American Heart Association is pleased to the opportunity to be included in two new research studies, MaRISS and PROSPER.
Have you heard of the MaRISS, PROSPER, and ARAMIS clinical research studies?
- Mild and Rapidly Improving Stroke Study (MaRISS) a multi-center study trial designed to evaluate the long-term outcomes of patients with a diagnosis of mild stroke? Want more information? Contact Edna Kavuma, Program Manager at 214-706-1994 or email@example.com
- Patient-centered Research into Outcomes Stroke Patients prefer and Effectiveness Research (PROSPER) is a multi-center study that will evaluate post-discharge functional status, disability, depression and quality of life in stroke survivors. For more information contact Laura Drew, Coordinator, at 919-668-8892 or PROSPER@dm.duke.edu.
- ARAMIS (Addressing Real-world Anticoagulant Management Issues in Stroke) is a multi-center study that will provide important and timely insight into the management of acute stroke patients who are taking novel oral anticoagulant (NOA) prior to stroke. Want more information? Please contact DCRI at ARAMIS@dm.duke.edu.
Have your heard about the PCORI Funded Guided Heart Failure Study?
GWTG Interventions to Reduce Disparities in AHF Patients Discharged from the ED (GUIDED HF)
With support from a three-year, $2 million research grant from Patient-Centered Outcomes Research Institute (PCORI), Vanderbilt University Medical Center and the American Heart Association are teaming up to study heart failure care in the Emergency Department.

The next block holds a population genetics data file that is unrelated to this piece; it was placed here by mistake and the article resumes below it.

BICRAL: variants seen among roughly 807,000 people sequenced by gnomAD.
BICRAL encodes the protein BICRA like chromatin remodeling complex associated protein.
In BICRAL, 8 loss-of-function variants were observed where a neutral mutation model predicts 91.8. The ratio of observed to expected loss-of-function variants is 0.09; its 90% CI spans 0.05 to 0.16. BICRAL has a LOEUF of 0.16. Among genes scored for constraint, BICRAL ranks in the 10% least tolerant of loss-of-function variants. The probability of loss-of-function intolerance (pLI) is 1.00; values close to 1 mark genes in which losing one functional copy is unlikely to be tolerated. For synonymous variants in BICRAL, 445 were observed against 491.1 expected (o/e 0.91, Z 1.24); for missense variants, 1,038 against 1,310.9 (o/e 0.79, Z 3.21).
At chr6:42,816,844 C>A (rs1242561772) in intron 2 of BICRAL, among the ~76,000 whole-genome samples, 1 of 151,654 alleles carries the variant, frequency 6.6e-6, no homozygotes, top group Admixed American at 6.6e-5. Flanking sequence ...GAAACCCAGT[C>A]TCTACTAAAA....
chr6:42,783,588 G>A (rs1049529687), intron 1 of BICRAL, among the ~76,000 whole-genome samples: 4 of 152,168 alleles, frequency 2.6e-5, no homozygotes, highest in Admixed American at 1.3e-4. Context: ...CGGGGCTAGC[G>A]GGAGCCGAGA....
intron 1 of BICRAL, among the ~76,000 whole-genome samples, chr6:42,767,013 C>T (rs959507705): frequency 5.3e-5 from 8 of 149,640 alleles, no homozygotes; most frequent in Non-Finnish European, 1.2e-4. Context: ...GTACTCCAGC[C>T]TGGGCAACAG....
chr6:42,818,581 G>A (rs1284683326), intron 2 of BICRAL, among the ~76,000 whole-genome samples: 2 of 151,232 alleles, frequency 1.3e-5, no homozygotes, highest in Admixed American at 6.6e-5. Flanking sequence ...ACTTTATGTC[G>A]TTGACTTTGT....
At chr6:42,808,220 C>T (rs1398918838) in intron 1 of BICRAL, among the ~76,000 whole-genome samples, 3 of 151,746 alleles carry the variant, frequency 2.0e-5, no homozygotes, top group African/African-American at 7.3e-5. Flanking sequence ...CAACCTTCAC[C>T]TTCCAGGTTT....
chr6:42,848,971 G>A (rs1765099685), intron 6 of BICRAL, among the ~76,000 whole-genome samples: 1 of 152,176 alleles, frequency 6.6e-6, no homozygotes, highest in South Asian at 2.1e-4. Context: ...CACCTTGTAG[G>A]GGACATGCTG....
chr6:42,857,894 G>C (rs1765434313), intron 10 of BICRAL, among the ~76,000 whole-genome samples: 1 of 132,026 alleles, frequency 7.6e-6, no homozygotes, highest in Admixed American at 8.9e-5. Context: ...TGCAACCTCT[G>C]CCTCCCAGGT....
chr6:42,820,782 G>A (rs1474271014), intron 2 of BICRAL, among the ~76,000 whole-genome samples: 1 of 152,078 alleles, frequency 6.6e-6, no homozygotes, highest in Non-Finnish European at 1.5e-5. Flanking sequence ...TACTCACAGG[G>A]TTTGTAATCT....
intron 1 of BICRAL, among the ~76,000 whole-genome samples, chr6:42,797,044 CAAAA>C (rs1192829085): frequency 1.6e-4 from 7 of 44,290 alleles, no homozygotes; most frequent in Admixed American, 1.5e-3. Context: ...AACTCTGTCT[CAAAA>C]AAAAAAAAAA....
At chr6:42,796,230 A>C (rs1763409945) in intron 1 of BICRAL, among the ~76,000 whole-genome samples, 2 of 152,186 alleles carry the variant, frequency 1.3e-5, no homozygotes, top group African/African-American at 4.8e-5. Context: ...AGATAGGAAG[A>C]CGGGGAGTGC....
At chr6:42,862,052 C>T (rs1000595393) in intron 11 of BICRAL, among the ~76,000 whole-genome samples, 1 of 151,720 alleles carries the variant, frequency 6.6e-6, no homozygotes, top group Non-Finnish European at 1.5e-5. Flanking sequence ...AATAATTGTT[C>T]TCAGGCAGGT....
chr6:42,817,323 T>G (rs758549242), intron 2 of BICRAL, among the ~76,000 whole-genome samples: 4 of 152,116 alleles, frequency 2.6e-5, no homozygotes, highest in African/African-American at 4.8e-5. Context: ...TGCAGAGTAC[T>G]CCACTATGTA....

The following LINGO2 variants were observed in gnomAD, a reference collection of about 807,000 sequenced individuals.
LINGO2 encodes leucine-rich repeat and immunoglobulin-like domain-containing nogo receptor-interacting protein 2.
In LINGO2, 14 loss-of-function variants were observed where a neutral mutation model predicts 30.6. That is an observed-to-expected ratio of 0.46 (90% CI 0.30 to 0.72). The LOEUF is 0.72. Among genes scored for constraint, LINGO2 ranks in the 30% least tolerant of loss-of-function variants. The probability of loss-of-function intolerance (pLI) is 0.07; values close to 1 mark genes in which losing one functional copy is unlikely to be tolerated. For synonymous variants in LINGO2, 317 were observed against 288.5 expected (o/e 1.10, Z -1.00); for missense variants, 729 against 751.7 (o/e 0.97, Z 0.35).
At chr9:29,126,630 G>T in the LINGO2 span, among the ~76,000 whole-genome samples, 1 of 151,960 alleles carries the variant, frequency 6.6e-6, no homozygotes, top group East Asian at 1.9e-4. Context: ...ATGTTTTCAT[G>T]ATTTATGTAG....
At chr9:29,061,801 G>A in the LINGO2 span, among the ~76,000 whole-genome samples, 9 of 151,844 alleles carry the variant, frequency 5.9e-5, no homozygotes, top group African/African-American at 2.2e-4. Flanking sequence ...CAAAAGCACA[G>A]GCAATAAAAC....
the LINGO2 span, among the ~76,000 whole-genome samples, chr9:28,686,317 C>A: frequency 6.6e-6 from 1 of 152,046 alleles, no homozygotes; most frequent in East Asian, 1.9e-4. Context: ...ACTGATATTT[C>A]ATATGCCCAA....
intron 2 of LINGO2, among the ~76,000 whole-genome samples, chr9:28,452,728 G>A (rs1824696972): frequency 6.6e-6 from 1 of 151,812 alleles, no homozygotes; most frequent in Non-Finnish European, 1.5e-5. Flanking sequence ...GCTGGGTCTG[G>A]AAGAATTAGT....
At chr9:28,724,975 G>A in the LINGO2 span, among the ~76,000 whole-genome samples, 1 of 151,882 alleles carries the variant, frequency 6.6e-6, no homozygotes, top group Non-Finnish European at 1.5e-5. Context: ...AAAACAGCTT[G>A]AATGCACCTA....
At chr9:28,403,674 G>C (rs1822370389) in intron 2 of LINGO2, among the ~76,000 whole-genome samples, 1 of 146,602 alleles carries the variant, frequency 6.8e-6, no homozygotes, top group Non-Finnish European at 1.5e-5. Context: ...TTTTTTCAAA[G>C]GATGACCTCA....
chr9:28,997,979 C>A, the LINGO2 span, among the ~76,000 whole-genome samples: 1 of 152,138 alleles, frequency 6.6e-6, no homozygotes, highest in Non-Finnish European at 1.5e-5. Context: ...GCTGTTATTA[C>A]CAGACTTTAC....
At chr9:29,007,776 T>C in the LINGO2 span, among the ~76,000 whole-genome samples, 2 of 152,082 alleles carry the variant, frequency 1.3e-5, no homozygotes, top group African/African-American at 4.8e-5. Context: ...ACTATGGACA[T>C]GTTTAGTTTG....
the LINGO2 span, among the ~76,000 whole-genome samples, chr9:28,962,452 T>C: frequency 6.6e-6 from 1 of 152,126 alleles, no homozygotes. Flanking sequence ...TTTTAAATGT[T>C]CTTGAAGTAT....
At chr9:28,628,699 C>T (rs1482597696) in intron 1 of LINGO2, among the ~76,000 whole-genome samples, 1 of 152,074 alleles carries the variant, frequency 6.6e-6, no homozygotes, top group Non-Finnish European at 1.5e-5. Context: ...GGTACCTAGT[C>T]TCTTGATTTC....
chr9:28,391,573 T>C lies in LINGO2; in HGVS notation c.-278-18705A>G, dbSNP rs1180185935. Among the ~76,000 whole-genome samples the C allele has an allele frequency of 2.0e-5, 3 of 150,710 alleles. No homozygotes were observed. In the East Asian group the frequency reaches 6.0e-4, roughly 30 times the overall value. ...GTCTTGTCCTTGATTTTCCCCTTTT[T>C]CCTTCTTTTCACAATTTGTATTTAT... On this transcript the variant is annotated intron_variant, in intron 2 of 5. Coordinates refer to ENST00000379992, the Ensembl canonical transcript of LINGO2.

About The Study:
BACKGROUND AND SIGNIFICANCE
Heart failure affects nearly 6 million Americans and results in over one million annual hospital discharges as the primary discharge diagnosis and an additional two million hospitalizations where HF is a secondary contributing diagnosis. Further, nearly one million ED visits for AHF occur annually in the United States and over 80% result in a hospital admission. Most importantly, vulnerable patients are discharged from the ED more often than non-vulnerable patients and experience a disproportionate increase in subsequent ED visits and hospital admissions. GWTG:HF has been successfully implemented in the inpatient setting and has improved processes of care and mitigated disparities in HF outcomes. However, patients discharged from the ED do not currently receive this benefit. GWTG:HF implementation in patients discharged from the ED with AHF has the potential to significantly impact clinical and patient-centric outcomes. Determining whether this approach is effective at improving outcomes and reducing disparities would fill in a critical evidence gap and facilitate guideline adaptation.
- For patients discharged from the emergency department (ED) with acute heart failure (AHF):
Does our transition nurse coordinator (TNC) and our GWTG:HF interventions reduce HF disparities in time to ED revisit, hospital admission and cardiovascular death between vulnerable and non-vulnerable patients?